“Picking up a pen was my way of escaping into fantasy, history and memory”
In self-isolation, you have an archive of stories and fragments of memories to carry you to a place of safety, fear or both.
This proves true for singer-songwriter and master storyteller, Taylor Swift, who released her surprise eighth studio album folklore mid-quarantine. Here, she collaborates a great deal with The National’s Aaron Dessner and even features Bon Iver in one single, exile—reminiscent of her The Civil Wars era. In just 24 hours upon its release, without any prior marketing, thus making us oblivious mortals believe there’s “not a lot going on at the moment,” she sold a record-breaking 1.3 million copies globally and received 80.6 million streams on Spotify, the most garnered by any female artist in the platform.
From the cover visuals alone that highlight “cottagecore,” you immediately see the great dichotomy from her previous album Lover (2019), dominated by pastel gradients and cheerful, romantic ballads you find yourself singing in the shower to. Folklore is in black and white, maybe a response to the times, especially with the deluge of heartbreaking headlines that follow us even in our sleep.
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Mastering the Art of Storytelling
The listener is entrusted with a weave of psychedelic stories all throughout the album. You’re given the opportunity to use your imagination and visualize people who may or may not be real—some even taking the face of people you love (or have loved).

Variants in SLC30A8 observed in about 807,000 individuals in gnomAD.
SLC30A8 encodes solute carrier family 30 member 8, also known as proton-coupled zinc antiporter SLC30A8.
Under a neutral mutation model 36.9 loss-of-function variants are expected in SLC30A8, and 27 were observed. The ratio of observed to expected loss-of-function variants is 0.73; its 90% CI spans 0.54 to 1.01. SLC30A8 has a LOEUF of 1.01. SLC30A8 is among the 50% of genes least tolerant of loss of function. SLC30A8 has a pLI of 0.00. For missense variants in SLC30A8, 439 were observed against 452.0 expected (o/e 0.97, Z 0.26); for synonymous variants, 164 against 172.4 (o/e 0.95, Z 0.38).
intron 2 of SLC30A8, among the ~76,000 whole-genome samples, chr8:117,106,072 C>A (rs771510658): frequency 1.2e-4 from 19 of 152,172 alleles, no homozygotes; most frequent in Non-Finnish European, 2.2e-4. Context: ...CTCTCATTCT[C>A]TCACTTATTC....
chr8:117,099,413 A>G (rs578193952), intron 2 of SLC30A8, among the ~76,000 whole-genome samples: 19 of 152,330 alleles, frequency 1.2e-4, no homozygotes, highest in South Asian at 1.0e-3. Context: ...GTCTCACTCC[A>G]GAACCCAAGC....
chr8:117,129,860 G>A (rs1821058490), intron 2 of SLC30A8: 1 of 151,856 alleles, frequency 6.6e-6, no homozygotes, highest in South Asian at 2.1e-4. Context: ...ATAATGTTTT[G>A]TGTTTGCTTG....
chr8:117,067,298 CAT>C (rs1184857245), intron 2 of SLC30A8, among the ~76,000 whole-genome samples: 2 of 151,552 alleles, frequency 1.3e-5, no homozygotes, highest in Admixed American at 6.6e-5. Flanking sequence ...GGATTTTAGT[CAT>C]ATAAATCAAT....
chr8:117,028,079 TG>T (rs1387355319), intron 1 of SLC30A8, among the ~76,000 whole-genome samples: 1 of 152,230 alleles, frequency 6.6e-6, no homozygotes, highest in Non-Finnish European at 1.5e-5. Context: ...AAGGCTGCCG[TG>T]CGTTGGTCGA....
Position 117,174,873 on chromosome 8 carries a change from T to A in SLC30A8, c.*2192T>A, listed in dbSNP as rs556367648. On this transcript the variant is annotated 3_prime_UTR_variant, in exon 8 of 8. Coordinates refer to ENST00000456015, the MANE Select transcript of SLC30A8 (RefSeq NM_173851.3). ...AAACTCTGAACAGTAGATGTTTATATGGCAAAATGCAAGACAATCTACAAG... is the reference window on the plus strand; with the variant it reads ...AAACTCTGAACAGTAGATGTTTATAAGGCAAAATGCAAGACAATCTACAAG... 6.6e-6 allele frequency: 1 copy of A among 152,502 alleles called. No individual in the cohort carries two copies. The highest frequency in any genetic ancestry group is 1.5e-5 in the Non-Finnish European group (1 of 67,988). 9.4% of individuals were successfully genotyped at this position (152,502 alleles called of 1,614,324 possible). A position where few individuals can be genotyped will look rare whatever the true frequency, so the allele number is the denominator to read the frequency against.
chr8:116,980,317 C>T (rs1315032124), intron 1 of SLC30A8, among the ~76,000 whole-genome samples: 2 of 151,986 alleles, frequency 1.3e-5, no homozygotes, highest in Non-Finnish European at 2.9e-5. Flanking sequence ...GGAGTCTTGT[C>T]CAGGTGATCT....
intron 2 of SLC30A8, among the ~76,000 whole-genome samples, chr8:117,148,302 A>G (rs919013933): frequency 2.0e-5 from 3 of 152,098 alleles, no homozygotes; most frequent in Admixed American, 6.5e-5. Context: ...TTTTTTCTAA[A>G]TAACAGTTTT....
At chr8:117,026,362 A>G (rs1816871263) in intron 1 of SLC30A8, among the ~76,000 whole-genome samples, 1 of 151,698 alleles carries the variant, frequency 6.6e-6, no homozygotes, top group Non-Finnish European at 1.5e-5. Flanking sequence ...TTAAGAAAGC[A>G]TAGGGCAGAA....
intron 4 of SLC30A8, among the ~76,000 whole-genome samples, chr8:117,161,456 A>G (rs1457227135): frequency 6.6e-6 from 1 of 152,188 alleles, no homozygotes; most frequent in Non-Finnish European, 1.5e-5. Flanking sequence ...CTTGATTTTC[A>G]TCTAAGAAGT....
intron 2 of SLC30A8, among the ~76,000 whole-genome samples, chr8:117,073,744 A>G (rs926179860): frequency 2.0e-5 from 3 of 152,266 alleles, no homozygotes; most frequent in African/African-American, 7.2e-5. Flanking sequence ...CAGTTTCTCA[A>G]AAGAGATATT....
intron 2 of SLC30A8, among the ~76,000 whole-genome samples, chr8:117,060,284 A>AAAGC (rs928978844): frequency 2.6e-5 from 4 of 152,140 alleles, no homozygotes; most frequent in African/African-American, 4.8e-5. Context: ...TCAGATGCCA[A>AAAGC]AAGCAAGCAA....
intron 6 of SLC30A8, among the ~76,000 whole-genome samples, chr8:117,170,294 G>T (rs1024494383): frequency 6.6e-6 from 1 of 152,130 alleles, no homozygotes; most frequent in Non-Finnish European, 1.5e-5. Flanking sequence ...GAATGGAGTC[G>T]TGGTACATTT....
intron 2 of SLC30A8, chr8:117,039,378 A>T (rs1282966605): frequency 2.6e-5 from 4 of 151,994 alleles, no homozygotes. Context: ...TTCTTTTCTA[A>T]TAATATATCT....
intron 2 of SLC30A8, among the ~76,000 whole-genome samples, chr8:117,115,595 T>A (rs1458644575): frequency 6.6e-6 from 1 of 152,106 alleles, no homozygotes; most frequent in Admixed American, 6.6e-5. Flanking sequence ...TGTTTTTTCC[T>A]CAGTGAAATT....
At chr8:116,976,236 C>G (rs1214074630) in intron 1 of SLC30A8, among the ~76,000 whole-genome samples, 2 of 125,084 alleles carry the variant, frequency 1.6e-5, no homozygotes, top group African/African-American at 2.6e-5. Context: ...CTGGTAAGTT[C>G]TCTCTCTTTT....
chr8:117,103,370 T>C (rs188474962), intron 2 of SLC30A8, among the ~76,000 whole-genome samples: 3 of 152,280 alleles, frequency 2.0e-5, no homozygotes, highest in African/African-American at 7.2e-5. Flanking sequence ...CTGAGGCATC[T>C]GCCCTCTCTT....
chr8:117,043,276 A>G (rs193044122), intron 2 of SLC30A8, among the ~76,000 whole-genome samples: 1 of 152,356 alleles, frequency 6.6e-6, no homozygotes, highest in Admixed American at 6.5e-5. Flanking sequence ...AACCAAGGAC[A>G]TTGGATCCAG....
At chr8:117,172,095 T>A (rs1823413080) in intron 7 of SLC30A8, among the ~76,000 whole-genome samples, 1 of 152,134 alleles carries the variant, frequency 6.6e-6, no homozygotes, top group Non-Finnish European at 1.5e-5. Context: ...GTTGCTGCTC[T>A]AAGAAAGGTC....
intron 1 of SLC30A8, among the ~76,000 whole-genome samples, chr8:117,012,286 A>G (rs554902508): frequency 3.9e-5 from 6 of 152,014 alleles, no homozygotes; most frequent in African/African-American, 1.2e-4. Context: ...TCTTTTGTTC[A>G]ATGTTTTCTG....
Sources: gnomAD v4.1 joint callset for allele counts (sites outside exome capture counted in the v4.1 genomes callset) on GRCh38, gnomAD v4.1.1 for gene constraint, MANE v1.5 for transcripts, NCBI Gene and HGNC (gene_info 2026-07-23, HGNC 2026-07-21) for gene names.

In a heartfelt post on her album release day, she writes, “Pretty soon, these images in my head grew faces or names and became characters. I found myself not only writing my own stories but also writing about or from the perspective of people I’ve never met, people I’ve known or those I wish I hadn’t.”
She further articulates the use of “folklore” in the album title: “A tale that becomes folklore is one that is passed down and whispered around. The lines between fantasy and reality blur and the boundaries between truth and fiction become almost indiscernible. Speculation, over time, becomes fact.”
This deems true for singles like the last great american dynasty about a “misfit widow getting gleeful revenge on the town that cast her out.” From outstanding fan theories, this single speaks of the previous owners of Taylor’s Rhode Island mansion. For betty, which features a refreshing element of queerness—yet sounds like Fearless (2008) and Speak Now (2010) era country Taylor—she takes on the POV of one James, a “seventeen-year-old standing on a porch, learning to apologize,” who is part of a teenage love triangle. Still, many think this speaks of her covert bisexuality.
A Pop Star Done With Pop
As a shameless Swiftie since I heard Love Story as an impressionable teenager in 2008, I’d say folklore is an amalgamation of all her albums. As one The New York Times review describes it, this is “a pop star done with pop.” What once was fueled by bad blood—no pun intended—she returns to her country roots but perfects it. Still, she has the ability to make you clutch your chest and cry silently in the middle of the night for feelings you think you’ve forgotten or never had in the first place. This is the magic of one Taylor Alison Swift.
“Picking up a pen was my way of escaping into fantasy, history and memory,” writes Taylor. Folklore is a delicate, breathtaking gift to the ether, which makes you forget—for the duration of 16 songs at least—the inferno that has become of the place we call home. For this, we are grateful.
Art Matthew Ian Fetalver